Remembrances
5:45 pm
Tue October 23, 2012

Director Was Patriarch Of India's Film Industry

Originally published on Wed October 24, 2012 4:18 am

Transcript

MELISSA BLOCK, HOST:

From NPR News, this is ALL THINGS CONSIDERED. I'm Melissa Block.

AUDIE CORNISH, HOST:

And I'm Audie Cornish. A titan of Indian cinema has died. The director and producer Yash Chopra was a master of the Bollywood musical and patriarch of India's film industry.

(SOUNDBITE OF SONG)

CORNISH: He filmed sweeping romances in which actresses in chiffon saris prance through the Swiss Alps with their lovers. Over five decades, Chopra directed 22 films, many of them now considered iconic in India. He had just turned 80 and was finishing his latest movie when he was hospitalized with dengue fever and died on Sunday. Joining us now from Mumbai to talk about the man Indians call the King of Romance is film critic Aseem Chhabra. Hi there, Aseem.

ASEEM CHHABRA: Hi, Audie.

CORNISH: So give us a sense of how important Yash Chopra was for Indians.

CHHABRA: Yash Chopra was really a giant in Bollywood. He started his film career in 1959, and his last film is actually opening on November 13. So there's 22 films he made over a period of 53 years. This is the year India is marking its 100th anniversary in cinema. And the last half a century, Yash Chopra was a very prominent part of that, and he was that significant. He made these sweeping romantic films which are very popular, often very unreal but very popular, with beautiful-looking stars and beautiful-looking locations. And the fact that he was 80 years old and he had just completed his last film is remarkable.

CORNISH: Now, of course, music and sort of over-the-top romance is a definitive part of Bollywood, but what made his films stand out?

CHHABRA: Well, his films were kinder and gentler in a way, the romantic films, and a lot of Bollywood films are very, very loud and very over the top. And while his films also had the same characteristics also, there were adult films, first of all, in the sense that they were - his characters were adults, sometimes having affairs outside the marriage, and the same trend sort of continued. There was sometimes like a triangle where they were two women in love with one man, and the man would love one woman.

And the songs themselves were - had such a melodious tone to them that people, you know, the last two, three days since he died, three days, the songs had been playing on television and on radio. And I'm in Mumbai right now. He obviously had a huge lasting impression.

CORNISH: One interesting quirk of his films is the travel abroad, and I read that he had a very relationship with Switzerland, apparently.

CHHABRA: Uh-huh.

CORNISH: He did all kinds of filming there. Can you tell us about that?

CHHABRA: Yeah. He filmed often in the Swiss Alps, and I think he was given some sort of recognition by the Swiss government - I'm not sure exactly what it was - for the fact that he shot quite a few films in Switzerland. He also shot one film - in fact, the song that you played, that's from a film called "Silsila," which means an occurrence, and that song was shot somewhere in the Netherlands because you have, like, these miles and miles of sweeping tulips. And in the middle of the tulips, you have these two Bollywood stars lip-synching and dancing just as people do in Bollywood films. So Switzerland and other European locations also. He connected with them, and he would place his Indian actors there and...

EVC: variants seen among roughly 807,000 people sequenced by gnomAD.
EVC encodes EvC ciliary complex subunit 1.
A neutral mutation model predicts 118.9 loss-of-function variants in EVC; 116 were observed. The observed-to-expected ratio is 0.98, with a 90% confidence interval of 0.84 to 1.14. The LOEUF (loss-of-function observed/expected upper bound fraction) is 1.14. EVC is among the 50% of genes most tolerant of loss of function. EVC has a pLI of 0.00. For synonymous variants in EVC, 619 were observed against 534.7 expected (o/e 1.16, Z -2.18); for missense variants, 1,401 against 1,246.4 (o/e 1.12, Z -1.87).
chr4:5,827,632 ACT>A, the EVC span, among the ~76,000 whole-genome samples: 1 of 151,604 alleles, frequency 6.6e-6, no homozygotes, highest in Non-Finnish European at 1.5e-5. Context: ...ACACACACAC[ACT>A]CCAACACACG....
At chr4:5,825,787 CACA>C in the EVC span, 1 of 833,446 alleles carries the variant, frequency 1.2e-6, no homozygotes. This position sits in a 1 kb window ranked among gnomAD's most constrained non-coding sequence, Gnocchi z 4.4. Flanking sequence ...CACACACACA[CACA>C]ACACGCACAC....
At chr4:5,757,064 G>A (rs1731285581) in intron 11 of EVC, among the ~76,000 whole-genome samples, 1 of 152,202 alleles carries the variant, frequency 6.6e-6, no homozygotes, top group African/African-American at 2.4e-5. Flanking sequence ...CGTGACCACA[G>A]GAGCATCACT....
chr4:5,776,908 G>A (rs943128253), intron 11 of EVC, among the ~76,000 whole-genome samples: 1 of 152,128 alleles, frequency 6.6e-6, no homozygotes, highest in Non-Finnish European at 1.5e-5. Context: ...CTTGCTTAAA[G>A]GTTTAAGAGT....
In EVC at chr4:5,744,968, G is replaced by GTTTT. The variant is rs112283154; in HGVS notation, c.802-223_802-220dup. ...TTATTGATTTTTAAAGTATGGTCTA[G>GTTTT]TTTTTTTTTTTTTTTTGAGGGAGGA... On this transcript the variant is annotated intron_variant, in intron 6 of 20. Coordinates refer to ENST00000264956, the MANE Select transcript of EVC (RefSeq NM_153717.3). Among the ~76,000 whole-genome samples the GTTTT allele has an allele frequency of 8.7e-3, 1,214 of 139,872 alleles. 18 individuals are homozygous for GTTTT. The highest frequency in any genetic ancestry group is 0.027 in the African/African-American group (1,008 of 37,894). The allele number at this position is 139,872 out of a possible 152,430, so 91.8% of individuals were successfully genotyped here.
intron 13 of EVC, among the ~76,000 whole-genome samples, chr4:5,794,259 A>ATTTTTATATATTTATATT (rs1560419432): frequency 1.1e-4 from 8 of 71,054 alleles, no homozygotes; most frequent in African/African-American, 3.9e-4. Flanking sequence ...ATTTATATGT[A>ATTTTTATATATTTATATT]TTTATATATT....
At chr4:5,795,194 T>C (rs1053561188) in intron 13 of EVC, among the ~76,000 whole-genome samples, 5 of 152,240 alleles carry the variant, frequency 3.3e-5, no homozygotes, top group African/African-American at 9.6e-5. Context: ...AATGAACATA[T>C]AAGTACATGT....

CORNISH: And inadvertently encouraged some tourism there by Indians.

CHHABRA: Right. Yes, yes, yes, obviously, yes.

CORNISH: Now, you mentioned you're in Mumbai for the Mumbai Film Festival.

CHHABRA: Yes.

CORNISH: How is Bollywood reacting to his death?

CHHABRA: Obviously, you know, he was such a father figure to the industry, so they were all shaken up, although, you know, he was 80 years old. But, you know, his - the fact that he passed away, clearly this is the end of an era. So I mean, television for the last two days - his funeral was yesterday, on Monday. And so television has been showing all these movie stars arriving for his funeral. And before that, his body was placed in the studio which was named after him, which his older son runs now.

And Bollywood stars tweet a lot, so there's a lot of Twitter talk going on. At the Mumbai Film Festival itself, before every screening, they had an image of his projected on the screen, a slide with his image. And then we stood up. It happened to me twice today at two films where we stood up, and there was a two-minute silence in his honor. And they left a book outside the theater, and people were sort of signing condolences and things like that. So people are moved. Now, clearly, he was 80 years old, and he lived a very full life, and he's left a real legacy of cinema, really, but it has affected people definitely.

CORNISH: Well, Aseem, thank you so much for talking with us.

CHHABRA: Thank you.

CORNISH: Film critic Aseem Chhabra in Mumbai talking about legendary Indian filmmaker Yash Chopra, who died on Sunday. Transcript provided by NPR, Copyright National Public Radio.